AMRI bets $174M on manufacturing with latest buyout

Contract drugmaker AMRI ($AMRI) paid $174 million for a Spanish manufacturing operation, part of the company's long-term plan to dial up its focus on production.

Under the deal, the New York-headquartered AMRI acquired Gadea Pharmaceutical, a private company focused on manufacturing complex active ingredients for pharma companies. AMRI is handing over $43.8 million of its own stock in the agreement, paying the difference in cash to pick up the Valladolid-based company.

The buyout fits in with AMRI's longitudinal strategy of investing in large-scale manufacturing in response to client demand. The company has gradually watched its drug discovery and royalty revenues erode over the past two years, and management has repeatedly looked to contract manufacturing to make up the difference. In the year leading up to its Gadea deal, AMRI spent $211 million in three agreements that brought in facilities around the world, part of the company's effort to create a network of production outposts.

And adding Gadea to the fold further extends that mission, AMRI said. The company cleared revenue of about $83 million last year, and AMRI believes it can bring in as much as $90 million in 2015, immediately making a mark on earnings.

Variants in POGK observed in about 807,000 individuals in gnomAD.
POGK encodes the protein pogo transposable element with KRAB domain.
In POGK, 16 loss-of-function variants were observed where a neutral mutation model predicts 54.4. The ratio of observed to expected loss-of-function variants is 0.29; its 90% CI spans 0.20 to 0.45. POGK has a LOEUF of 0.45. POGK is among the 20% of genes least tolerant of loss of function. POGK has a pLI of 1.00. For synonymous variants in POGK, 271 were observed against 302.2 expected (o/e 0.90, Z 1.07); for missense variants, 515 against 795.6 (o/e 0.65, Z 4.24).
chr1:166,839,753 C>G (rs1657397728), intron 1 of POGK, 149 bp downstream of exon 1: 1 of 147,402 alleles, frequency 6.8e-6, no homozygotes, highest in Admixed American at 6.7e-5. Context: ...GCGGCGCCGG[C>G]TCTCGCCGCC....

AMRI CEO William Marth

"The acquisition of Gadea marks another milestone in our company's path towards becoming the preeminent supplier of custom and complex drug development services and product to both the branded and generic pharmaceutical industry," AMRI CEO William Marth said in a statement. "This mutually beneficial transaction presents an exciting opportunity for our two companies that builds upon our growth, adding a strong portfolio of complex API that will augment our existing capabilities and services, and new customer relationships that will extend our global reach."

Meanwhile, in keeping with its deeper focus on manufacturing, AMRI is consolidating much of its work in drug R&D. Over the past year, the company has shuttered development sites around the country and pooled much of its capacity at a site in Buffalo.

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